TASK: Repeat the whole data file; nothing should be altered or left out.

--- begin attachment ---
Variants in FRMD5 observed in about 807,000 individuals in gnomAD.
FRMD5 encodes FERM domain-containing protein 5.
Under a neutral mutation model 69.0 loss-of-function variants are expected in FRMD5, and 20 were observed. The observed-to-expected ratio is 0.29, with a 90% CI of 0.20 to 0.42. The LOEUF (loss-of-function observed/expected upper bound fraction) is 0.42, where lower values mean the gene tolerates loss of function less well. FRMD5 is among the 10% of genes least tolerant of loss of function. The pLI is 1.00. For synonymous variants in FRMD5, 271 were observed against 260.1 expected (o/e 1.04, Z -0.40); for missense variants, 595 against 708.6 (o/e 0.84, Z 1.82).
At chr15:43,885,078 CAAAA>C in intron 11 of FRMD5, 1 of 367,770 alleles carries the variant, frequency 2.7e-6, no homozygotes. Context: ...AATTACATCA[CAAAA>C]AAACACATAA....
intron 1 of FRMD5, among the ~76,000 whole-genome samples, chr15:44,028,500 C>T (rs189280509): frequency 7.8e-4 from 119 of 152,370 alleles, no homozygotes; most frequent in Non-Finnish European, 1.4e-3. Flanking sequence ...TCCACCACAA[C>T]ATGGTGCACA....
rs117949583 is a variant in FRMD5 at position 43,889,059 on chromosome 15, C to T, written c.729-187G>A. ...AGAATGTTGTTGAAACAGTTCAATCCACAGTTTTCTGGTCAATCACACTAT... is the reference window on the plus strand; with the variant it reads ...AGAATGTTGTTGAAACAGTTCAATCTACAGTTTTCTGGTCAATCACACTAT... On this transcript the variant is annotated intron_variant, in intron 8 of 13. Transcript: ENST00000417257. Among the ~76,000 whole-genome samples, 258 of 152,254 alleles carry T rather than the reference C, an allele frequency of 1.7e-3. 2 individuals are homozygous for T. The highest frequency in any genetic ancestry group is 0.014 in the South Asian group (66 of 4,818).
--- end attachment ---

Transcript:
Variants in FRMD5 observed in about 807,000 individuals in gnomAD.
FRMD5 encodes FERM domain-containing protein 5.
Under a neutral mutation model 69.0 loss-of-function variants are expected in FRMD5, and 20 were observed. The observed-to-expected ratio is 0.29, with a 90% CI of 0.20 to 0.42. The LOEUF (loss-of-function observed/expected upper bound fraction) is 0.42, where lower values mean the gene tolerates loss of function less well. FRMD5 is among the 10% of genes least tolerant of loss of function. The pLI is 1.00. For synonymous variants in FRMD5, 271 were observed against 260.1 expected (o/e 1.04, Z -0.40); for missense variants, 595 against 708.6 (o/e 0.84, Z 1.82).
At chr15:43,885,078 CAAAA>C in intron 11 of FRMD5, 1 of 367,770 alleles carries the variant, frequency 2.7e-6, no homozygotes. Context: ...AATTACATCA[CAAAA>C]AAACACATAA....
intron 1 of FRMD5, among the ~76,000 whole-genome samples, chr15:44,028,500 C>T (rs189280509): frequency 7.8e-4 from 119 of 152,370 alleles, no homozygotes; most frequent in Non-Finnish European, 1.4e-3. Flanking sequence ...TCCACCACAA[C>T]ATGGTGCACA....
rs117949583 is a variant in FRMD5 at position 43,889,059 on chromosome 15, C to T, written c.729-187G>A. ...AGAATGTTGTTGAAACAGTTCAATCCACAGTTTTCTGGTCAATCACACTAT... is the reference window on the plus strand; with the variant it reads ...AGAATGTTGTTGAAACAGTTCAATCTACAGTTTTCTGGTCAATCACACTAT... On this transcript the variant is annotated intron_variant, in intron 8 of 13. Transcript: ENST00000417257. Among the ~76,000 whole-genome samples, 258 of 152,254 alleles carry T rather than the reference C, an allele frequency of 1.7e-3. 2 individuals are homozygous for T. The highest frequency in any genetic ancestry group is 0.014 in the South Asian group (66 of 4,818).